Tuesday, June 23, 2009

The Magician's Elephant by Kate DiCamillo

Everyone loves the Newbery Winner, The Tale of Despereaux. Loves it. I only liked it. It was cute of course, and DiCamillo's narrative voice carried me immediately to that safe, story time place that makes me feel like I'm six years old again. But I thought that it did more to reinforce classism than much else, and as a result I was only lukewarm on it. Of course, I'm literally the only person in the entire literary universe who seems to feel that way.

But DiCamillo's new book, The Magician's Elephant, was something else entirely. I again was taken to that safe, story time place. But this time, I felt DiCamillo used her allegorical style to its fullest, and I found myself in tears by the end of it.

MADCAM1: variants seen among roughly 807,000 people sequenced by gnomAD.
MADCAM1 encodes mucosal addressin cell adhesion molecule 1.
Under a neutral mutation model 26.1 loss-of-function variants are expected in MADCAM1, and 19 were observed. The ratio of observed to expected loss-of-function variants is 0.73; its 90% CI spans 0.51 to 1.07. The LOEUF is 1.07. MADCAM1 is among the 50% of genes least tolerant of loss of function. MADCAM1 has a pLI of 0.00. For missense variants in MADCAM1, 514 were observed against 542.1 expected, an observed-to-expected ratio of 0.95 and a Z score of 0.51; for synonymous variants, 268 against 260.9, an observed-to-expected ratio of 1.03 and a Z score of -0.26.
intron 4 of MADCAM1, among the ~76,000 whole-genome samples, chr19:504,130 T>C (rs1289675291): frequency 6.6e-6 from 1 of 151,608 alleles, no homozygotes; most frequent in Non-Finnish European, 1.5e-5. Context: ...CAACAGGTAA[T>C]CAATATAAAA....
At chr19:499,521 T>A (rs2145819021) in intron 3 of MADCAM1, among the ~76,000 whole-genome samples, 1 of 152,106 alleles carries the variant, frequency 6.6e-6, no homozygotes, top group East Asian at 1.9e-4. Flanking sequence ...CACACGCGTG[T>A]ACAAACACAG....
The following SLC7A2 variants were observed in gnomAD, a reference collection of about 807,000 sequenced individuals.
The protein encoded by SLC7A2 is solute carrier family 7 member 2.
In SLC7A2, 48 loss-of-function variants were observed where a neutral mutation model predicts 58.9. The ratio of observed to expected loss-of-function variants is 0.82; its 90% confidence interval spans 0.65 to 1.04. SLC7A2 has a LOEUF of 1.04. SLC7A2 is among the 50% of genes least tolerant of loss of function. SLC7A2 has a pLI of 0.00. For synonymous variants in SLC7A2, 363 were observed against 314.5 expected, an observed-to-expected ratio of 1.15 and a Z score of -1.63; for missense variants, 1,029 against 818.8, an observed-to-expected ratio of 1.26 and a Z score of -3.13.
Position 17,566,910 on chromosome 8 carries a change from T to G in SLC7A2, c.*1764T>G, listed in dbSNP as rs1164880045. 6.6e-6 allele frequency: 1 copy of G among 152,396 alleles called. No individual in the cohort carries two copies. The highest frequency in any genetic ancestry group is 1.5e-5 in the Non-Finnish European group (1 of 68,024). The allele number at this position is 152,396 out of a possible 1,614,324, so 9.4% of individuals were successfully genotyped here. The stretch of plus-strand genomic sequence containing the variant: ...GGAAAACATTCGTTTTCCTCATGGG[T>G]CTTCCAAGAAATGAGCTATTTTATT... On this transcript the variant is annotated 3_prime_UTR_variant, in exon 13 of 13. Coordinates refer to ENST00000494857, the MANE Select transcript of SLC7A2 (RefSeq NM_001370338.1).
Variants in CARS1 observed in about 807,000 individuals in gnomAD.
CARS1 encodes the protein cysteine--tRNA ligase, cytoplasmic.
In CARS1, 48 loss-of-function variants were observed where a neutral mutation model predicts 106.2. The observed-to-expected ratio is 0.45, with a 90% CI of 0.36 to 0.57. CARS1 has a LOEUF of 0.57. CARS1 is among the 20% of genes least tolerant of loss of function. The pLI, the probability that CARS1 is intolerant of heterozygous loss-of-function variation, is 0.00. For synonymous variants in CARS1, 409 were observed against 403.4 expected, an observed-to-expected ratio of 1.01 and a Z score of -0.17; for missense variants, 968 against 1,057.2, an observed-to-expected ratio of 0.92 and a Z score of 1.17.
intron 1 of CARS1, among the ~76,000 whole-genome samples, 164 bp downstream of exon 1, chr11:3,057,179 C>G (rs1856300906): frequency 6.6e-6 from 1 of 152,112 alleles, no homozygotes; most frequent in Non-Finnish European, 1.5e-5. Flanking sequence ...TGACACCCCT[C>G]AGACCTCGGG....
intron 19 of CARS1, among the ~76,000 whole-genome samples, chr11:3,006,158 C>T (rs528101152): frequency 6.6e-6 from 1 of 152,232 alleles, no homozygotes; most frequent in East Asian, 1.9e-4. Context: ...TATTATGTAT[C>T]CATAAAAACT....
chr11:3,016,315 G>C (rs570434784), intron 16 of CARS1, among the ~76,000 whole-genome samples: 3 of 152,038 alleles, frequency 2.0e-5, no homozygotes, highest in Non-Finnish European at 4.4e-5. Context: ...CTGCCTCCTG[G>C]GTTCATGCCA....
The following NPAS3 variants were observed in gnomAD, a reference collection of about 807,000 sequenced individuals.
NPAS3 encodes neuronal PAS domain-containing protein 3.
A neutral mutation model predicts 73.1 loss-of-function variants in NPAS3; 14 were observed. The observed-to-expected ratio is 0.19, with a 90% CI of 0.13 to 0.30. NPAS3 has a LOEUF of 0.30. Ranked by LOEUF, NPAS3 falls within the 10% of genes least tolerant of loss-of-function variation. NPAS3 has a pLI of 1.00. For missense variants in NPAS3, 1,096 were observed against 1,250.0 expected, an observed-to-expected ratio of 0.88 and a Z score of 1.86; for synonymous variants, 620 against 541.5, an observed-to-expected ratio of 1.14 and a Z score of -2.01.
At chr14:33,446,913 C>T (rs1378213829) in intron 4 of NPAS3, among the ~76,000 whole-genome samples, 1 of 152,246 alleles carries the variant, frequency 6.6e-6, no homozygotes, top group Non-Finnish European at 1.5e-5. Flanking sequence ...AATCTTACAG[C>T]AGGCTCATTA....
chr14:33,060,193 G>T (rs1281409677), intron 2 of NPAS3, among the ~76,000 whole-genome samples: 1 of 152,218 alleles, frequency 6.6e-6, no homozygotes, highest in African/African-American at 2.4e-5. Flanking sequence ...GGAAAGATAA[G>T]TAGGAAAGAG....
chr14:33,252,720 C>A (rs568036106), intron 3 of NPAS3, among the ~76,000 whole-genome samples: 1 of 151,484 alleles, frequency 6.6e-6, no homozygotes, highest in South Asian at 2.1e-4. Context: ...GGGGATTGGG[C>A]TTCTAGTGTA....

When a magician conjures and elephant (and then is unable to send it back from whence it came) that comes crashing through a theater ceiling, everyone in the tiny town's life seems to change. Soon, the elephant is at the center of the social, moral, spiritual and dream world of everyone in the town. And as the townspeople learn the accept the possibility of the impossible, many of the citizens begin to pin their many assorted impossible dreams on the elephant.

Heartwarming and perfect for family read aloud, I loved The Magician's Elephant the same way I love The Little Prince, one of my all-time favorite children's novels. If there were a book I could force on everyone this fall, I think this would be my choice.

Read it.

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